Effects of Intravenous and Dietary Lipid Challenge on Intramyocellular Lipid Content and the Relation With Insulin Sensitivity in Humans

  1. Oliver P. Bachmann1,
  2. Dominik B. Dahl1,
  3. Klaus Brechtel2,
  4. Jürgen Machann2,
  5. Michael Haap1,
  6. Thomas Maier1,
  7. Mattias Loviscach1,
  8. Michael Stumvoll1,
  9. Claus D. Claussen2,
  10. Fritz Schick2,
  11. Hans U. Häring1 and
  12. Stephan Jacob1
  1. 1Department of Endocrinology and Metabolism, Eberhard-Karls University, Tübingen, Germany, and
  2. 2Department of Radiology, Eberhard-Karls University, Tübingen, Germany


    An increased intramyocellular lipid (IMCL) content, as quantified by 1H-magnetic resonance spectroscopy (1H-MRS), is associated with reduced insulin sensitivity. At present, it is unclear which factors determine IMCL formation and how rapidly IMCL accumulation can be induced. We therefore studied the impact of hyperinsulinemia and elevated circulating nonesterified fatty acid (NEFA) levels on IMCL formation and insulin sensitivity. We further evaluated the influence of a high-fat diet on IMCL storage. In the infusion protocol, 12 healthy male subjects underwent a 6-h hyperinsulinemic-euglycemic glucose clamp with concomitant infusion of Intralipid plus heparin. IMCL was quantified by 1H-MRS in soleus (SOL) and tibialis anterior (TA) muscle at baseline and then every hour. IMCL levels started to increase significantly after 2 h, reaching a maximum of 120.8 ± 3.4% (SOL) and 164.2 ± 13.8% (TA) of baseline after 6 h (both P < 0.05). In parallel, the glucose infusion rate (GIR) decreased progressively, reaching a minimum of 60.4 ± 5.4% of baseline after 6 h. Over time, the GIR was strongly correlated with IMCL in TA (r = −0.98, P ≤ 0.003) and SOL muscle (r = −0.97, P ≤ 0.005). In the diet protocol, 12 male subjects ingested both a high-fat and low-fat diet for 3 days each. Before and after completion of each diet, IMCL levels and insulin sensitivity were assessed. After the high-fat diet, IMCL levels increased significantly in TA muscle (to 148.0 ± 16.9% of baseline; P = 0.005), but not in SOL muscle (to 114.4 ± 8.2% of baseline; NS). Insulin sensitivity decreased to 83.3 ± 5.6% of baseline (P = 0.033). There were no significant changes in insulin sensitivity or IMCL levels after the low-fat diet. The effects of the high-fat diet showed greater interindividual variation than those of the infusion protocol. The data from the lipid infusion protocol suggest a functional relationship between IMCL levels and insulin sensitivity. Similar effects could be induced by a high-fat diet, thereby underlining the physiological relevance of these observations.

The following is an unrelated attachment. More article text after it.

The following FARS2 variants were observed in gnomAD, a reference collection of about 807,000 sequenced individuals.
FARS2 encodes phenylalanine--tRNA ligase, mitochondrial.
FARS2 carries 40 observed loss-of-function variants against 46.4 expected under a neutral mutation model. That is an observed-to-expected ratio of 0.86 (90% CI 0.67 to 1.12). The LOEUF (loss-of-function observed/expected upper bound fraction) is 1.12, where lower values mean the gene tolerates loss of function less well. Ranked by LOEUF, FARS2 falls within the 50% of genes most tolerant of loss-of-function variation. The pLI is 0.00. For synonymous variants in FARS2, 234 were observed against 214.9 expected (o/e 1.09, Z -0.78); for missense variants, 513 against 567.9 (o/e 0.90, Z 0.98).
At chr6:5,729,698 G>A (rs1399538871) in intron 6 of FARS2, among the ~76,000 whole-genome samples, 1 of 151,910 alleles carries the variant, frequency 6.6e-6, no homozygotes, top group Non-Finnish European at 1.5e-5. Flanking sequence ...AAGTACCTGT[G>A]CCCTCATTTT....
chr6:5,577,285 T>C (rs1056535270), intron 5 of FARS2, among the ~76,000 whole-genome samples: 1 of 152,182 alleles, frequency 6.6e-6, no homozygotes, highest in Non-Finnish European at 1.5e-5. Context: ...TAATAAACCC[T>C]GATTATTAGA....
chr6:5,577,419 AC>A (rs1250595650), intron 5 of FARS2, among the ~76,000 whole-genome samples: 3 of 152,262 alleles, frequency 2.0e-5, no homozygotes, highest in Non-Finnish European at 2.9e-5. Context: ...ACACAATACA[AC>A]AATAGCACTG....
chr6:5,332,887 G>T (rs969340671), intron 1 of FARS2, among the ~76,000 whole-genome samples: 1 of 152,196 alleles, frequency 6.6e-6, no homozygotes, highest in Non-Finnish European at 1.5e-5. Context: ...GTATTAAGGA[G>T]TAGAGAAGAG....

• Address correspondence and reprint requests to Dr. Hans U. Häring, Medical Clinic, Department of Endocrinology and Metabolism, Otfried-Müller Str. 10, D-72076, Tübingen, Germany. E-mail: hans-ulrich.haering{at}med.uni-tuebingen.de

      O.P.B. and D.B.D. contributed equally to the article.

      Received for publication 5 March 2001 and accepted in revised form 7 August 2001.

      CT, computed tomography; GIR, glucose infusion rate; IMCL, intramyocellular lipid; 1H-MRS, 1H-magnetic resonance spectroscopy; NEFA, nonesterified fatty acid; SOL, soleus; TA, tibialis anterior.

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